(b) Is there sufficient certainty that the person purporting to sign using an electronic signature is in fact that person or acting under the authority of that person? Factors that might assist in this respect include (in particular, where the contract has been executed through an e-signing platform) whether the signatory had accessed the document using a particular email address or by inputting a unique access code and whether or not this can be confirmed (via a certificate or otherwise) by the platform provider.
(c) Is the document to be distributed, signed and held electronically in a manner which is sufficiently secure? This will depend on the method used and on the degree of importance placed on IT security by the parties in question (for example, how valuable is the contract; how important is it to keep it confidential?), so it is something that each party should consider on a case-by-case basis and draw its own conclusions.
(d) Where the document needs to be filed with an authority or registry, will that authority or registry accept electronic signatures? For example, as at the date of this note:
- HM Land Registry and the Land Charges Registry require a wet-ink signature on a paper version of any document submitted to them for registration (although the Land Registry has announced plans to launch an electronic mortgage service)
- Companies House will accept a certified copy of a charging document executed using an electronic signature in satisfaction of the registration requirements under Section 859A of the CA 2006 (although, outside of its web-filing service, it still requires a wet-ink certification of the copy); and
- where stamp duty is payable on a document, HM Revenue and Customs would normally expect to stamp a version of the document with a wet-ink signature
(e) If the place of signature or the location of the document has particular legal consequences (eg in relation to the payment of stamp duty), where will a document executed using an electronic signature be treated as having been executed or located? The answer may depend upon a number of factors, including where the signatory is physically located when signing and where the server on which the document is stored is located. In such circumstances, it may be better to have a physical signing.
(f) Where a party wishes to execute a deed by the physical affixing of its common seal, it is unlikely to be possible to do this electronically (although the eIDAS Regulation and the ECA 2000 provide for the creation and use of electronic seals, these are not, so far as the JWP is aware, currently in use in England).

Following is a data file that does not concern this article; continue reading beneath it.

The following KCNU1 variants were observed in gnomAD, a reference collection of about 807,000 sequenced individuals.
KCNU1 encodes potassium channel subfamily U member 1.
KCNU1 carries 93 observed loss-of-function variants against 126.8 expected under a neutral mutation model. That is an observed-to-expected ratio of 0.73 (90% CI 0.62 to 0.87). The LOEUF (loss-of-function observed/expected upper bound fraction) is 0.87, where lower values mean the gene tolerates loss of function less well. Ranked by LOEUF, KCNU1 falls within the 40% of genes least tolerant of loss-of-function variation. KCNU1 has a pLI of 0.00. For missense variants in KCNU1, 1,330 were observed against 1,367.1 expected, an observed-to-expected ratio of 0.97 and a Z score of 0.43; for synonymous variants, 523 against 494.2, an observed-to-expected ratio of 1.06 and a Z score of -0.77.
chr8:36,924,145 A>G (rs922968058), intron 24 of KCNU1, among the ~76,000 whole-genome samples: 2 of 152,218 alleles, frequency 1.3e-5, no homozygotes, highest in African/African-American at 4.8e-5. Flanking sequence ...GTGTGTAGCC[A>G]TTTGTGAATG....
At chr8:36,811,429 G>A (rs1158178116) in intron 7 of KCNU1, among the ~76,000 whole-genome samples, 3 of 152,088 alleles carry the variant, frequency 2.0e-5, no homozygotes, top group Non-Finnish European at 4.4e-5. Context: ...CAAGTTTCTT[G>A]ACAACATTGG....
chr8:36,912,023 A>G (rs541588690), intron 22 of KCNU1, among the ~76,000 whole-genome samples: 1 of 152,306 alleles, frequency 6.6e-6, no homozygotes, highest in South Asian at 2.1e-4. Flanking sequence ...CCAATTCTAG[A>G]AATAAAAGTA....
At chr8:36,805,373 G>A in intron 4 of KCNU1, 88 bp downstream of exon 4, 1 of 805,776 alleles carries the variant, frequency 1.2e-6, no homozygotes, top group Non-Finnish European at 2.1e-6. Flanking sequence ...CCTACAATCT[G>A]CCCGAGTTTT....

(g) It is not necessary to include any specific reference to electronic signatures in the document itself in order for it to be validly executed using an electronic signature.
This note refers to certain EU regulations, the status of which under English law may be affected by the United Kingdom ceasing to be a member of the European Union.
The Joint Working Party - disclaimer
13 July 2016
This note was developed by a joint working party of the Law Society Company Law Committee and the City of London Law Society Company Law and Financial Law Committees and has been approved by leading counsel.
The aim of this note is to make suggestions only and not to give advice.
No duty of care or liability whatsoever is accepted by those involved in the preparation or approval of this note, or the firms or organisations that they represent, to any company or individual who relies on material in it.
1 Note on Execution of Documents at a Virtual Signing or Closing (PDF) prepared by a joint working party of the Law Society, prepared by a joint working group of the Law Society Company Law Committee and The City of London Law Society Company Law and Financial Law Committees in May 2009.
2 The ECA 2000 and the Electronic Signatures Regulations 2002, derived in part from Directive 1999/93/EC, previously applied in England and Wales. The eIDAS Regulation repealed Directive 1999/93/EC with effect from 1 July 2016 and the Electronic Identification and Trust Services for Electronic Transactions Regulations 2016 amended the ECA 2000 and repealed the Electronic Signatures Regulations 2002 with effect from 22 July 2016, subject in both cases to certain transitional provisions.
3 That is, a company which is not incorporated under the CA 2006.
Practice notes represent the Law Society’s view of good practice in a particular area. They are not intended to be the only standard of good practice that solicitors can follow. You are not required to follow them but doing so will make it easier to account to oversight bodies for your actions.
Practice notes are not legal advice, and do not necessarily provide a defence to complaints of misconduct or poor service. While we have taken care to ensure that they are accurate, up to date and useful, we will not accept any legal liability in relation to them.
For queries or comments on this practice note contact our Practice Advice Service.
There are seven mandatory principles in the SRA Standards and Regulations which apply to all aspects of practice. The principles apply to all authorised individuals (solicitors, registered European lawyers and registered foreign lawyers), authorised firms and their managers and employees, and to the delivery of regulated services within licensed bodies.
Must – a requirement in legislation or a requirement of a principle, rule, regulation or other mandatory provision in the SRA Standards and Regulations. You must comply, unless there are specific exemptions or defences provided for in relevant legislation or regulations.
Should – outside of a regulatory context, good practice, in our view, for most situations. In the case of the SRA Standards and Regulations, a non-mandatory provision, such as may be set out in notes or guidance.
These may not be the only means of complying with legislative or regulatory requirements and there may be situations where the suggested route is not the best route to meet the needs of a particular client. However, if you do not follow the suggested route, you should be able to justify to oversight bodies why your alternative approach is appropriate, either for your practice, or in the particular retainer.
May – an option for meeting your obligations or running your practice. Other options may be available and which option you choose is determined by the nature of the individual practice, client or retainer. You may be required to justify why this was an appropriate option to oversight bodies.